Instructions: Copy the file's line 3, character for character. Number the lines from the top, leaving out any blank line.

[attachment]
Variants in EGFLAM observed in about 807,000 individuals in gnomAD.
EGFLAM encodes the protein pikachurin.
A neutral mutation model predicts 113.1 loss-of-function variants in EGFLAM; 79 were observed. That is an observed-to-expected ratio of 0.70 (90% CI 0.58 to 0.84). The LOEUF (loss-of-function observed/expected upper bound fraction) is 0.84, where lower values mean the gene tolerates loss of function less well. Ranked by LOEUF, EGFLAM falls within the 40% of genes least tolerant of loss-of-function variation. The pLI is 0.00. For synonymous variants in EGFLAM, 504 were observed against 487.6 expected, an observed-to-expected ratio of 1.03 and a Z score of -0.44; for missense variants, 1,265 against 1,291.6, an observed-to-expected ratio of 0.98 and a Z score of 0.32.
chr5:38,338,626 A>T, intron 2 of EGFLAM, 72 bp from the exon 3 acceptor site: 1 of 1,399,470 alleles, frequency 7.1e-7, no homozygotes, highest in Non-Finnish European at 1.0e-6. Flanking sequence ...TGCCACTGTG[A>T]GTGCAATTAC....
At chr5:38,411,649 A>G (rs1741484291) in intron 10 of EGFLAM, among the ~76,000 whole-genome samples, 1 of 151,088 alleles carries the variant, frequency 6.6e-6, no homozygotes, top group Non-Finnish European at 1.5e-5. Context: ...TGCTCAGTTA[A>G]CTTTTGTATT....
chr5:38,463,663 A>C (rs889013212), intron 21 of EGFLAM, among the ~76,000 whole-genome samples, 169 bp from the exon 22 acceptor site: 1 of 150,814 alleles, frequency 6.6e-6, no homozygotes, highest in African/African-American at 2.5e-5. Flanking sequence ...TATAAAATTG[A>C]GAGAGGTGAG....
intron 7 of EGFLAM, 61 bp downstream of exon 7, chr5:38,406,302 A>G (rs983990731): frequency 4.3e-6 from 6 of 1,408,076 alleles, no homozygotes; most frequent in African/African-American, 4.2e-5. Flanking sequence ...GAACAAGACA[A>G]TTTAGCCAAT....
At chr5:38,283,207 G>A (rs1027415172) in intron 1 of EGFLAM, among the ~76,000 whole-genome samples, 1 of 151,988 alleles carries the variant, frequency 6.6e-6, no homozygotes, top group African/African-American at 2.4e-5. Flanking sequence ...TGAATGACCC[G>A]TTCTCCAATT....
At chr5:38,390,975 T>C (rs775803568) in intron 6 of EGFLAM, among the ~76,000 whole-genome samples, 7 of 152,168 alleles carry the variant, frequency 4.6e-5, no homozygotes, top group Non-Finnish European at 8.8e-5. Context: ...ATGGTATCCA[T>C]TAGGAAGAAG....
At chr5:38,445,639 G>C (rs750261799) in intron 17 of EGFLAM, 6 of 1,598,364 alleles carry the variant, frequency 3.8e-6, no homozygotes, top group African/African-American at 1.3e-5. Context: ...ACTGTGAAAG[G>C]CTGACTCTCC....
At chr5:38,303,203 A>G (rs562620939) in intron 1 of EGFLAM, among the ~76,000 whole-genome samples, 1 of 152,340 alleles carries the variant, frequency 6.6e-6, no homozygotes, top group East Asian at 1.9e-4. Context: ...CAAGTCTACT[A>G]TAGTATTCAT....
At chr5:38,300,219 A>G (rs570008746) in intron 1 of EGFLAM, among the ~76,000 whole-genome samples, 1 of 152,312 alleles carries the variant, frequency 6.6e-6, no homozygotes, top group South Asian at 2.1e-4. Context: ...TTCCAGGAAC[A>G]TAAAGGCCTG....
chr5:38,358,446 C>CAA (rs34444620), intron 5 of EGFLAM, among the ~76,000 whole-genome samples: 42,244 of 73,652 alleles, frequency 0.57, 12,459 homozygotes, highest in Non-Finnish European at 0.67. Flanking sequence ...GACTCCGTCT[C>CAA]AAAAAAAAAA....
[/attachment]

A neutral mutation model predicts 113.1 loss-of-function variants in EGFLAM; 79 were observed. That is an observed-to-expected ratio of 0.70 (90% CI 0.58 to 0.84). The LOEUF (loss-of-function observed/expected upper bound fraction) is 0.84, where lower values mean the gene tolerates loss of function less well. Ranked by LOEUF, EGFLAM falls within the 40% of genes least tolerant of loss-of-function variation. The pLI is 0.00. For synonymous variants in EGFLAM, 504 were observed against 487.6 expected, an observed-to-expected ratio of 1.03 and a Z score of -0.44; for missense variants, 1,265 against 1,291.6, an observed-to-expected ratio of 0.98 and a Z score of 0.32.